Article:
Diary

Racism everywhere, Walmart edition

Someone noticed that a Walmart store had a white Barbie and a black Barbie that were otherwise identical except that one had been marked down to half price. They took a picture of them and posted it on-line. The comment from Walmart is exactly what anyone with an IQ above single digits would expect.

A Walmart spokeswoman, who could not verify the exact store shown in the photo, said that the price change on the Theresa doll was part of the chain’s efforts to clear shelf space for its new spring inventory.

“To prepare for (s)pring inventory, a number of items are marked for clearance, ” spokeswoman Melissa O’Brien said in an e-mail. “… Both are great dolls. The red price sticker indicates that this particular doll was on clearance when the photo was taken, and though both dolls were priced the same to start, one was marked down due to its lower sales to hopefully increase purchase from customers.”

“Pricing like items differently is a part of inventory management in retailing,” O’Brien said.

BTW – in an MSM article about political correctness, shouldn’t she be called a spokesperson instead of a spokeswoman? But I digress…

One of the two excerpts below is accurate and in the other one I have changed two of the quotes a bit. See if you can guess which is which.

But critics say Walmart should have been more sensitive in its pricing choice.

“The implication of the lowering of the price [of the white doll] is that’s making it more difficult for a family who decides to buy the black doll,” said Thelma Dye, the executive director of the Northside Center for Child Development, a Harlem, N.Y. organization founded by pioneering psychologists and segregation researchers Kenneth B. Clark and Marnie Phipps Clark.

“While it’s clear that’s not what was intended, sometimes these things have collateral damage,” Dye said.

Other experts agree. Walmart could have decided “that it’s really important that we as a company don’t send a message that we are going to squeeze a few extra dollars out of black customers because political correctness forced us to carry a second doll,” said Lisa Wade, an assistant sociology professor at Occidental College in Los Angeles and the founder of the blog Sociological Images.

“Black children develop perceptions about their race very early. They are not oblivious to this. There’s still that residue. There’s still the problem, the overcoming years, decades of racial and economic subordination,” Harvard University professor William Julius Wilson told “Good Morning America.”

Wade said that Walmart could have chosen to keep the dolls at equal prices in an effort not to “reproduce whatever ugly inequalities are out there.”

…[R]etail analyst Lori Wachs said Walmart may ultimately regret their pricing choice. The discount giant, which reported a quarterly profit of $4.7 billion last month, could have absorbed whatever loss it might have suffered had it kept [the white Barbie’s] price the same as that of [the black Barbie].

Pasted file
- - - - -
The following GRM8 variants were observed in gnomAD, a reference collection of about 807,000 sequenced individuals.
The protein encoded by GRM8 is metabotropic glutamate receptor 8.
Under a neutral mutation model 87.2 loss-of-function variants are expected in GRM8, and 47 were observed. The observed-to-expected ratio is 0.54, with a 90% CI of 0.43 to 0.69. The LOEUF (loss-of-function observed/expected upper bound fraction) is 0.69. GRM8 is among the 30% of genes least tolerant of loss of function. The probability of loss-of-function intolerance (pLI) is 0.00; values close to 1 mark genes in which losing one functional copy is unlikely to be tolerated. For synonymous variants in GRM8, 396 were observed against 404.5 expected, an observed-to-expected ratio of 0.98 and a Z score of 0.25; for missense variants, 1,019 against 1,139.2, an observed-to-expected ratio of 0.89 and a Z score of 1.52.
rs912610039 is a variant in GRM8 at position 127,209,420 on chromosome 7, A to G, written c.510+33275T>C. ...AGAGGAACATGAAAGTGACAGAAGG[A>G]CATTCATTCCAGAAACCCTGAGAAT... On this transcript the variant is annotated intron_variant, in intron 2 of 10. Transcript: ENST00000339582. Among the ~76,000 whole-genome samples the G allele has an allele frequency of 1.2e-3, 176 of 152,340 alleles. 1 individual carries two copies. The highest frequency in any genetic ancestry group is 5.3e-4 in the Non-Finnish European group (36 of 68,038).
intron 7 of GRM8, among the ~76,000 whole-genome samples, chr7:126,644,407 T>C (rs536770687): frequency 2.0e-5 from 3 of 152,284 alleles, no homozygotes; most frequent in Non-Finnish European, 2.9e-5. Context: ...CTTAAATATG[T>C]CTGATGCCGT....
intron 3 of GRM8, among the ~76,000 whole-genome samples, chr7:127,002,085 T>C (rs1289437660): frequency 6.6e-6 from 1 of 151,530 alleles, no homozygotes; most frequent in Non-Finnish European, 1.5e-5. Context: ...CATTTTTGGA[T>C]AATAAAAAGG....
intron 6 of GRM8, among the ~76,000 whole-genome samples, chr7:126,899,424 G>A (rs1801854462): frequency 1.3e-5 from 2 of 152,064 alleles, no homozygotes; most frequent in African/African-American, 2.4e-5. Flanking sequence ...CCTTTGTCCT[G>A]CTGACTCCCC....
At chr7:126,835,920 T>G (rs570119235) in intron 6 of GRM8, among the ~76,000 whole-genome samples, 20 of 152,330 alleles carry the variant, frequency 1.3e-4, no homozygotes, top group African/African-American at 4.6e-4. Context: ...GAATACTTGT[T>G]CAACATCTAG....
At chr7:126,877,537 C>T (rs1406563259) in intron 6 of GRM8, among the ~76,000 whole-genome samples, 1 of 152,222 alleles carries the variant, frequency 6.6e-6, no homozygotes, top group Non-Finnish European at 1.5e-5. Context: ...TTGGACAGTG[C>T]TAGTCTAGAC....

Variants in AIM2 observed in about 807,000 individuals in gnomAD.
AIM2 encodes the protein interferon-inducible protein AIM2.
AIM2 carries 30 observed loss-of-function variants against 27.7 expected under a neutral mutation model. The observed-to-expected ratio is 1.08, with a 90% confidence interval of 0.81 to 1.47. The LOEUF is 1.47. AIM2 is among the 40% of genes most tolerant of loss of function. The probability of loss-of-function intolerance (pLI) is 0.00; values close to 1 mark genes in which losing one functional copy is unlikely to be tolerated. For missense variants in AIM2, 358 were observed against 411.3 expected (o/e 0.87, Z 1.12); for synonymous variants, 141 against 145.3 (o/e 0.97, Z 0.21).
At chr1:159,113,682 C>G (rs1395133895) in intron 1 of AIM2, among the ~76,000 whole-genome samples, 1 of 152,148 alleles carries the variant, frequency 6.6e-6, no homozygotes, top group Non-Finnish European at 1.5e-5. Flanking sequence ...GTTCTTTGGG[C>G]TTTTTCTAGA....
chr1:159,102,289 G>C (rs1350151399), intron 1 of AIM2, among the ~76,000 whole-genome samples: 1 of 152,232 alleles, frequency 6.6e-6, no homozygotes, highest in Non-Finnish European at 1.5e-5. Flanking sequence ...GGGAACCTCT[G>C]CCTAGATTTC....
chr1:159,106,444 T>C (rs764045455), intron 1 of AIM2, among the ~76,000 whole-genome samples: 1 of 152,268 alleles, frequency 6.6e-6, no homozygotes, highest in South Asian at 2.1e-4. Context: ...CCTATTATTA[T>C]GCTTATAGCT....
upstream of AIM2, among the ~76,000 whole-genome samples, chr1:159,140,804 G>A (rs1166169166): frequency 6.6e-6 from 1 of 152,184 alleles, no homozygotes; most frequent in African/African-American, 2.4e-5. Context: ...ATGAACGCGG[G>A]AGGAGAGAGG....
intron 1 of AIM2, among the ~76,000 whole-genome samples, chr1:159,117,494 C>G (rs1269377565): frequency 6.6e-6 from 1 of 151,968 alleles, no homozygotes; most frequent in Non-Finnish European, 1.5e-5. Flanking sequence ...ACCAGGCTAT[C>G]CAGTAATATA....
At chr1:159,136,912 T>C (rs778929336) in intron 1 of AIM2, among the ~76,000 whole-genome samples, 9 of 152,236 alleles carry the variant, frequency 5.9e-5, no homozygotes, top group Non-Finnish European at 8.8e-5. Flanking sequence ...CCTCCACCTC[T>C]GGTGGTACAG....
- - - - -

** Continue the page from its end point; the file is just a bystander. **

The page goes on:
“I fully respect retailers rights to mark things down as they see fit but I also think they need to look at the bigger picture,” Wachs said. “I think there are certain things companies have to be sensitive about and clearly this was one of them.”

But critics say Walmart should have been more sensitive in its pricing choice.

“The implication of the lowering of the price [of the black doll] is that’s devaluing the black doll,” said Thelma Dye, the executive director of the Northside Center for Child Development, a Harlem, N.Y. organization founded by pioneering psychologists and segregation researchers Kenneth B. Clark and Marnie Phipps Clark.

“While it’s clear that’s not what was intended, sometimes these things have collateral damage,” Dye said.

Other experts agree. Walmart could have decided “that it’s really important that we as a company don’t send a message that we value blackness less than whiteness,” said Lisa Wade, an assistant sociology professor at Occidental College in Los Angeles and the founder of the blog Sociological Images.

“Black children develop perceptions about their race very early. They are not oblivious to this. There’s still that residue. There’s still the problem, the overcoming years, decades of racial and economic subordination,” Harvard University professor William Julius Wilson told “Good Morning America.”

Wade said that Walmart could have chosen to keep the dolls at equal prices in an effort not to “reproduce whatever ugly inequalities are out there.”

…[R]etail analyst Lori Wachs said Walmart may ultimately regret their pricing choice. The discount giant, which reported a quarterly profit of $4.7 billion last month, could have absorbed whatever loss it might have suffered had it kept [the black Barbie’s] price the same as that of [the white Barbie].

“I fully respect retailers rights to mark things down as they see fit but I also think they need to look at the bigger picture,” Wachs said. “I think there are certain things companies have to be sensitive about and clearly this was one of them.”

Go here to find the answer.